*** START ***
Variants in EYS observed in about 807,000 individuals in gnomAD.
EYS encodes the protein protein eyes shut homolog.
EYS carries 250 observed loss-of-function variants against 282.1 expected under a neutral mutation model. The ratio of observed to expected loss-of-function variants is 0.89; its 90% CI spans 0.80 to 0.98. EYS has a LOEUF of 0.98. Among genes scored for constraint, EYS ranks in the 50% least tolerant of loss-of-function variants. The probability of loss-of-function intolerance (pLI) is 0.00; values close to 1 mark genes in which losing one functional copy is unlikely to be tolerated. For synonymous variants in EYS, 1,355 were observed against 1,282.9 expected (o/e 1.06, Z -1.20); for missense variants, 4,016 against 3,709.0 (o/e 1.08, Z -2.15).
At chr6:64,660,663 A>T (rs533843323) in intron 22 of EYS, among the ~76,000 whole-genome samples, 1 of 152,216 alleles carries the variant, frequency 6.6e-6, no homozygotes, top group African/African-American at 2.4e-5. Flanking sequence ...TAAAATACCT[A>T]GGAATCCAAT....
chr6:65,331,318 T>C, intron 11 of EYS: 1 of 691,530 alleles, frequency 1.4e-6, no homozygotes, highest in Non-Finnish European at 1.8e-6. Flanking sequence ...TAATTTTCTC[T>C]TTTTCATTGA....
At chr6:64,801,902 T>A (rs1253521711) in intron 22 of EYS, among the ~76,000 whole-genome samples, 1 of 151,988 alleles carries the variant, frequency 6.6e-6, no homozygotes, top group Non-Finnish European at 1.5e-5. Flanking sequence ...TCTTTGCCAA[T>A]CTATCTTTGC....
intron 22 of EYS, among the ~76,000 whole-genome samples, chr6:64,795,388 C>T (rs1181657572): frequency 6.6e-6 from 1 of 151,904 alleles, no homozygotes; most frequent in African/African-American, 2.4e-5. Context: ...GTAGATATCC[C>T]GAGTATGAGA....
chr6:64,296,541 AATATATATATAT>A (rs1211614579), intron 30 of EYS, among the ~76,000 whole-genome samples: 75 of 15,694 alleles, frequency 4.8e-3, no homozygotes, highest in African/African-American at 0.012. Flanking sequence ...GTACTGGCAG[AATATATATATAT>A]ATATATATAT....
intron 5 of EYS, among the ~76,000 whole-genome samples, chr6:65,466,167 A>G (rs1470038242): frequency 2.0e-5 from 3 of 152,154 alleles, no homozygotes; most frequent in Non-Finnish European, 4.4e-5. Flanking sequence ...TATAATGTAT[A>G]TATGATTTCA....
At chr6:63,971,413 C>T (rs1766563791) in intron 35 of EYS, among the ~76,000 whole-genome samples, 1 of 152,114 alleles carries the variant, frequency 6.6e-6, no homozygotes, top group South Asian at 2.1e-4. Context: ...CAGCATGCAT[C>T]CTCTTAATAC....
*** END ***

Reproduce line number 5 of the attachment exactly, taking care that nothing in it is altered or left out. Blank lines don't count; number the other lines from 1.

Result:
chr6:65,331,318 T>C, intron 11 of EYS: 1 of 691,530 alleles, frequency 1.4e-6, no homozygotes, highest in Non-Finnish European at 1.8e-6. Flanking sequence ...TAATTTTCTC[T>C]TTTTCATTGA....